The NWMO is excited to take on this work, which draws on its experience in working with Canadians, Indigenous peoples and technical experts from around the world.
Over the past three days, the Nuclear Waste Management Organization (NWMO) gathered Canadians and Indigenous peoples to take a first step in a journey together towards a long-term solution for all of Canada’s radioactive waste.
Representatives from the NWMO joined Indigenous elders and youth, technical experts, municipal representatives, and interested Canadians from across the country at the Canadian Radioactive Waste Summit to share their thoughts about the future of radioactive waste in Canada.
The three-day digital summit is the first official event of a year-long consultation to develop a proposed course of action for the Integrated Strategy for Radioactive Waste Strategy (ISRW) — an initiative the Minister of Natural Resources asked the NWMO to lead late last year. The NWMO is excited to take on this work, which draws on its experience in working with Canadians, Indigenous peoples and technical experts from around the world in implementing Canada’s plan for the safe, long-term storage of used nuclear fuel.
“We are here today to start a conversation, to begin a collaborative process of ensuring we find a safe way to store that waste for the long term,” NWMO President and CEO Laurie Swami said at the start of the Summit. “The fact of the matter is, even if every nuclear generator or research or medical laboratory were closed tomorrow, radioactive waste exists today.”
“While waste is safely stored today, it’s our job, starting today, to come up with a strategy how to safely manage that waste for the long-term,” she said. “And that is why we are here today, to start the process of coming up with a strategy for that waste.”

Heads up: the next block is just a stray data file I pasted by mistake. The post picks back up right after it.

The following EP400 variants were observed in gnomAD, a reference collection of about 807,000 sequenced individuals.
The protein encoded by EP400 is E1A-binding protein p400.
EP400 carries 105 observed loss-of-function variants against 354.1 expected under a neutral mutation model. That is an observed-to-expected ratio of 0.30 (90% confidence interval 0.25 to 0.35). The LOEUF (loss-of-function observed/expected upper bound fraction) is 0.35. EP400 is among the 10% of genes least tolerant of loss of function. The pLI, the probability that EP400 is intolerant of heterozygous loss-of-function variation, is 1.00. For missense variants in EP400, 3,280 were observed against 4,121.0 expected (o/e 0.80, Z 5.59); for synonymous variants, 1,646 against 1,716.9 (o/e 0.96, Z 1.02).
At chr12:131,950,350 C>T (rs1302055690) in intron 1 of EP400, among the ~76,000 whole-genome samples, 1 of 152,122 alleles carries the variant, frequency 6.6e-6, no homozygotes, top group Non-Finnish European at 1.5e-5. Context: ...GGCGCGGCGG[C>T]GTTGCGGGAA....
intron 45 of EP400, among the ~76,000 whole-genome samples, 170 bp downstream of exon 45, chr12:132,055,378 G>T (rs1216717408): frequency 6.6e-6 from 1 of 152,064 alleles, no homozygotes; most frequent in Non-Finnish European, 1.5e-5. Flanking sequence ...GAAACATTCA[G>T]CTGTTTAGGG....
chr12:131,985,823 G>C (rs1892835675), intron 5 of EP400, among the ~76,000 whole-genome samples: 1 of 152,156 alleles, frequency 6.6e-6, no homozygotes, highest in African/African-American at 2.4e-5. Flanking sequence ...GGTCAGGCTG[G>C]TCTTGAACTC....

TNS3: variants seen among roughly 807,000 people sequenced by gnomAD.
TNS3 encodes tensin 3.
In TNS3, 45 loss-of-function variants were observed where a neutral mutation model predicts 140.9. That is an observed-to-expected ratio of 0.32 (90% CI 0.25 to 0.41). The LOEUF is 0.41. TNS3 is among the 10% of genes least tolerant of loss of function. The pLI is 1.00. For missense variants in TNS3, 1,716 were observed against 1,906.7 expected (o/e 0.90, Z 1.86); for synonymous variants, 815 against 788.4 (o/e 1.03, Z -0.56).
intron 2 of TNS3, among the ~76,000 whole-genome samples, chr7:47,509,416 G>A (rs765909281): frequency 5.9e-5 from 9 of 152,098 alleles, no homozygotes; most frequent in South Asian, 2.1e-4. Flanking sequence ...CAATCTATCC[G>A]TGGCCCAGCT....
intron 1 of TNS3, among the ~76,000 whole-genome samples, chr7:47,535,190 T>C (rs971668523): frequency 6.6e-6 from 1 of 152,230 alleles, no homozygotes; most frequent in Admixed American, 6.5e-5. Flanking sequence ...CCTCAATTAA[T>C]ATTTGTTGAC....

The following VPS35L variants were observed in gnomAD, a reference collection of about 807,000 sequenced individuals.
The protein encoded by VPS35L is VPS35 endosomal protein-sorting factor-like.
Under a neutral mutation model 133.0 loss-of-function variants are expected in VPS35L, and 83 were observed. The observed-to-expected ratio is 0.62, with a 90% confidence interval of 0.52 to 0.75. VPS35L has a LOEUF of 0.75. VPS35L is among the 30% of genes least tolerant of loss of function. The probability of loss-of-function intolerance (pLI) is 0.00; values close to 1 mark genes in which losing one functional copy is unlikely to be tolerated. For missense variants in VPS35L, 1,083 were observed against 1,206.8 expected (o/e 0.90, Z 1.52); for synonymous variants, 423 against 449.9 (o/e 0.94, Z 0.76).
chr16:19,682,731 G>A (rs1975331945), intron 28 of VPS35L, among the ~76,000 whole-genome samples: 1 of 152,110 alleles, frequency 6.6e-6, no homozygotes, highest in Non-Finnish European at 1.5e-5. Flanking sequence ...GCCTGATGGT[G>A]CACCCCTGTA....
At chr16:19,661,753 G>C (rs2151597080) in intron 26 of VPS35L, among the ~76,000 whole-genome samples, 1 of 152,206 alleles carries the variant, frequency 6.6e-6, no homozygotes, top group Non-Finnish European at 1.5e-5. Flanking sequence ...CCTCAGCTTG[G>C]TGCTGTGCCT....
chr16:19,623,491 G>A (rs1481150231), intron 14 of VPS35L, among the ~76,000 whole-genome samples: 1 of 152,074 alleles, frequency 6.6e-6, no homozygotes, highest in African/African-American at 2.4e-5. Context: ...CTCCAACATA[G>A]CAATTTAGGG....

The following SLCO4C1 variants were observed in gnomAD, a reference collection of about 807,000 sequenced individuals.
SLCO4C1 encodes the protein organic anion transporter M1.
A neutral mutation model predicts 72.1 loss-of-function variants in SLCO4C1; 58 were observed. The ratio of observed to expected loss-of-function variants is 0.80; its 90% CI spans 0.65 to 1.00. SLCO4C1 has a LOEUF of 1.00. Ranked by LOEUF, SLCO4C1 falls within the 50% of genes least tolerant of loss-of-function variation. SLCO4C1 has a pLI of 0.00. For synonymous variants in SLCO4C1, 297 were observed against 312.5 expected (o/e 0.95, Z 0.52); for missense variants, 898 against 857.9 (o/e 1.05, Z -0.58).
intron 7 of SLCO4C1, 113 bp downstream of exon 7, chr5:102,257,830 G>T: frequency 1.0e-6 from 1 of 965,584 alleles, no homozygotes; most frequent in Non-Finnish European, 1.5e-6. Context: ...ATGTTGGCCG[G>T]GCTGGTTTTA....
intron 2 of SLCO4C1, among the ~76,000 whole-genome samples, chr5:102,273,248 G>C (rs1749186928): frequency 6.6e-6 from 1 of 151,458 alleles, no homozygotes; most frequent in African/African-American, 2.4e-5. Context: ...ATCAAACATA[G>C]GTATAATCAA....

The ISRW work is running parallel to the NWMO’s implementation of Canada’s plan, which is a long-term solution specifically designed for used nuclear fuel. However, there are over two million cubic meters of low- and intermediate-level waste that are safely stored on an interim basis right now, but which require a long-term solution.
Finding that long-term solution is precisely what the ISRW is all about: working with Canadians and Indigenous peoples to come up with a plan today, so future generations don’t have to. The summit, and the engagement activities that will follow, are part of an open dialogue with no predetermined outcomes. Instead, the process is about listening, coming together and proposing solutions.
In addition to the NWMO’s work on Canada’s plan for used nuclear fuel, there are some other solutions already underway. For example, there is a proposed facility at Chalk River for that facility’s low-level waste, and there are other solutions being implemented for uranium mines and mills waste.
However, as Ms. Swami noted, millions of tonnes of low- and intermediate-level waste still require a long-term solution, and “we can’t leave our children and grandchildren with our waste. It’s the fair thing to do, and it’s the right thing to do.”
To learn more about the ISRW and share your thoughts with the NWMO, participate in future events and learn more, visit radwasteplanning.ca.